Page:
A guide to deciding if a river cruise is the best vacation choice for you.
US News| By Liz Weiss
With time to linger in scenic places – from the storied canals of Amsterdam to the lush landscapes of the Amazon – and the chance to enjoy authentic and immersive experiences onboard and ashore, it’s easy to understand river cruising’s rising popularity. With spacious cabins, fewer crowds and typically longer and more scenic itineraries than conventional ocean cruises, river cruising offers a compelling alternative for would-be cruisers who cringe at the idea of waiting in lengthy lines before dining or tendering to shore. But for all the personalized experiences and hassle-free planning available on a river cruise, there are some key characteristics of setting sail on the open sea that can’t be replicated on the river. With that in mind, U.S. News charted the top differentiators of river cruises to help you decide if rolling on the river is the right choice for you.
Expect Fewer Crowds, But More Mingling
Unlike large mainstream cruise ships that can carry 5,000-plus passengers on each trip, river cruises carry fewer than 200 guests per itinerary, offering a quieter, more personalized experience. “Most river cruise vessels accommodate, on average, 150 guests, making river cruising very intimate, with a higher percentage of passengers meeting and getting to know one another,” says Charles Sylvia, vice president of membership and trade relations at Cruise Lines International Association. If you don’t mind chatting with your fellow cruisers, this is a great proposition, but if your idea of a relaxing getaway doesn’t involve constant social activity with strangers, this may not be an ideal setting for you. On the other hand, river cruisers can anticipate a high guest-to-crew ratio and “more opportunities to interact with crew members, allowing for more personalized service,” he says.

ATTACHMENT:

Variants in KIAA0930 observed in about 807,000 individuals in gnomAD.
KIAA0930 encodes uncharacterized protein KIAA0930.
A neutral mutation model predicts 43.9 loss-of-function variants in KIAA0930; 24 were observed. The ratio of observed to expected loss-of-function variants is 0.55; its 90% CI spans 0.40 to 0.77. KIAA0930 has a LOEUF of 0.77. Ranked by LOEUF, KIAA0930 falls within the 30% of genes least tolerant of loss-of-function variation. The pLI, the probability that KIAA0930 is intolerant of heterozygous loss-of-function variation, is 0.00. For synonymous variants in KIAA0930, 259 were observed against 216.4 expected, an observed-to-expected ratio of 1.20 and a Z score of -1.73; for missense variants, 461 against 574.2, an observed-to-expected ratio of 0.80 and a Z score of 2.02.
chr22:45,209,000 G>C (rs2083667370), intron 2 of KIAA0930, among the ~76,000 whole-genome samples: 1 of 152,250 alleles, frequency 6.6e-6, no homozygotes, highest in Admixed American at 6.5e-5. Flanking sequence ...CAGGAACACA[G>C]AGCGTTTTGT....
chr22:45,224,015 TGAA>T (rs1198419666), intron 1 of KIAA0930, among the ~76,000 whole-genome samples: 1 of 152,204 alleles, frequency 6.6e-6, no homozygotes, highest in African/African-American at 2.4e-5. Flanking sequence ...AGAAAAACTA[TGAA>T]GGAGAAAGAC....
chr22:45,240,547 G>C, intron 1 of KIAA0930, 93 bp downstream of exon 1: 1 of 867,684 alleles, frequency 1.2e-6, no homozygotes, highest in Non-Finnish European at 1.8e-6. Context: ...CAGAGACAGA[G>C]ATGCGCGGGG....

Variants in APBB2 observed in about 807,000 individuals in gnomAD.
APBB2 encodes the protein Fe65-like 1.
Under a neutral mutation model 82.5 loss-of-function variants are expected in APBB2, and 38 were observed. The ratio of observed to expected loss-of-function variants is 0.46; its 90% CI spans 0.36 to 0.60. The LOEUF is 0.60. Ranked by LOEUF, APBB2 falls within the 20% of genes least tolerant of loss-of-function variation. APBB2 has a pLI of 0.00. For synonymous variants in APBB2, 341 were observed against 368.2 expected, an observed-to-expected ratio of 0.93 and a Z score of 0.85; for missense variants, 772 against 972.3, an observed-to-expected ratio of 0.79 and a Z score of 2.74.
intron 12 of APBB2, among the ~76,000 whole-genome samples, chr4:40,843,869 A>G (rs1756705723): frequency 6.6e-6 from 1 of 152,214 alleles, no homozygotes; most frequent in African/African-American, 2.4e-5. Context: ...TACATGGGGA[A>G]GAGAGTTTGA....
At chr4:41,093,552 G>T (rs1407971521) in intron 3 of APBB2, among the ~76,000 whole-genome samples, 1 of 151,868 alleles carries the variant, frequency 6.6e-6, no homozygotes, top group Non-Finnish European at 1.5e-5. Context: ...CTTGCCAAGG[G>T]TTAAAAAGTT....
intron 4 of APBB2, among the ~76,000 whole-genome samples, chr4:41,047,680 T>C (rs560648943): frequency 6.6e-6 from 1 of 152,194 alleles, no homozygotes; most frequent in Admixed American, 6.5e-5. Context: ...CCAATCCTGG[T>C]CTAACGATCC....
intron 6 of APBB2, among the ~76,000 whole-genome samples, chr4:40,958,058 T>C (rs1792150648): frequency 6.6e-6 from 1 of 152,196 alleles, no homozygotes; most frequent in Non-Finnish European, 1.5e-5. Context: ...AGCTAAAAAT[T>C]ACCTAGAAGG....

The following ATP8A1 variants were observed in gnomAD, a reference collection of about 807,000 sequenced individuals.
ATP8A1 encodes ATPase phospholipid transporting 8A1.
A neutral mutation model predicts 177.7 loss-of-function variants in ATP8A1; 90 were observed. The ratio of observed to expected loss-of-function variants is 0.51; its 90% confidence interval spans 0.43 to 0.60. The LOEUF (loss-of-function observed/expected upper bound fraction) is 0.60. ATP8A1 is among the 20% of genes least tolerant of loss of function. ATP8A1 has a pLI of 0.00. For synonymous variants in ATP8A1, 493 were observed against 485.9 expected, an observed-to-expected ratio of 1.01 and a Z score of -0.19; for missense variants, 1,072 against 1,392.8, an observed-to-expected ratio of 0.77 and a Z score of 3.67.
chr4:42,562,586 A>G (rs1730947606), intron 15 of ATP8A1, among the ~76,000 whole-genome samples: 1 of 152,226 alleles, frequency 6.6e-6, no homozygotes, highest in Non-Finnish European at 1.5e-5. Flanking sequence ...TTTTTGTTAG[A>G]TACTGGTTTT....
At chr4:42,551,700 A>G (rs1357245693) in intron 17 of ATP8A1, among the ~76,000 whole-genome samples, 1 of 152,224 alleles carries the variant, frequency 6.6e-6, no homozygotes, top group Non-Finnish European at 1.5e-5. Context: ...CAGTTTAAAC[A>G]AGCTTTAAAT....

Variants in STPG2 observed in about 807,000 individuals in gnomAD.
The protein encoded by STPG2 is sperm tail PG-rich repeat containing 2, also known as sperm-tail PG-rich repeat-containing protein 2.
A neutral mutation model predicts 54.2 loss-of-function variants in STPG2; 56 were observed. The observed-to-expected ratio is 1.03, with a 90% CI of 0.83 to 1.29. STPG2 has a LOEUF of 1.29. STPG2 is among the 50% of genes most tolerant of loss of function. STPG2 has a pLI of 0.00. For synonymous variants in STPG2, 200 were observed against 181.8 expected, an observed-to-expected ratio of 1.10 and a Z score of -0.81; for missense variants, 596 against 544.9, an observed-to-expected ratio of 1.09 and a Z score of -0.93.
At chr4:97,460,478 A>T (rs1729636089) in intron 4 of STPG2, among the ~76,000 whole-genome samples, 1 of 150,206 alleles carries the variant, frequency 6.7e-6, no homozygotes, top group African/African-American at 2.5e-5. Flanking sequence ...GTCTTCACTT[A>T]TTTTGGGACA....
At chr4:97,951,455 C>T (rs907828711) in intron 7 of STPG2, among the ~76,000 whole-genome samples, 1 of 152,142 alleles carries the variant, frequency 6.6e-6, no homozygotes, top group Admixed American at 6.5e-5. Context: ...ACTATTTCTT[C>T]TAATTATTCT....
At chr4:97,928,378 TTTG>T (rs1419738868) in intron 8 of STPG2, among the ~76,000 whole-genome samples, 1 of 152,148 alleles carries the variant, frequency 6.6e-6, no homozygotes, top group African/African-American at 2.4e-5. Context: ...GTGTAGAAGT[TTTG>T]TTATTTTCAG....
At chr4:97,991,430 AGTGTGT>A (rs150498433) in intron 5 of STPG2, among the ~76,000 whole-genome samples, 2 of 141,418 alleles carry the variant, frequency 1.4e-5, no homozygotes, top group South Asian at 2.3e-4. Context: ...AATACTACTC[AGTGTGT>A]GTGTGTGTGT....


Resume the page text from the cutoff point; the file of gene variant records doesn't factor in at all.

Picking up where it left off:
Tom Baker, president of CruiseCenter, a travel agency that specializes in cruise vacation planning, points out that river cruises tend to be more regimented than ocean cruises, noting that exploration and meal times are structured because of capacity limitations onboard smaller riverboats. While you can expect bigger entertainment facilities, spacious cabins and more dining options on an ocean cruise, river cruises deliver “more of a club-like atmosphere, and the main focus is on sightseeing tours as a group during the day,” he says.
On a River Cruise, You Can Reach Off-the-Beaten-Path Destinations
“Access to smaller ports and the convenience of docking mere steps away from town centers are two major advantages of river cruising,” Sylvia says. Unlike larger oceangoing ships that tend to anchor away from port and offer smaller ships to tender travelers ashore, riverboats allow you to easily hop on and off at your leisure, eliminating the need to wait for fellow travelers and allowing you extra time to explore. Plus, there’s no need to worry about catching a bus or wishing you had more time to engage with your surroundings, once you arrive, you can easily check out can’t-miss sights on foot with a walking tour. “River cruise ships tie up within very close proximity to landmarks, marketplaces and museums, so guests can immediately immerse themselves in the local culture,” Sylvia adds.
“The river cruiser wants to see Europe, and not via a coach tour. They like the idea of unpacking once and having their hotel go with them,” Baker says. “River cruises are very intimate,” he adds, highlighting that they’re a scenic way to get up close and personal with hard-to-reach ports.
Your Vacation Price Will Be Predictable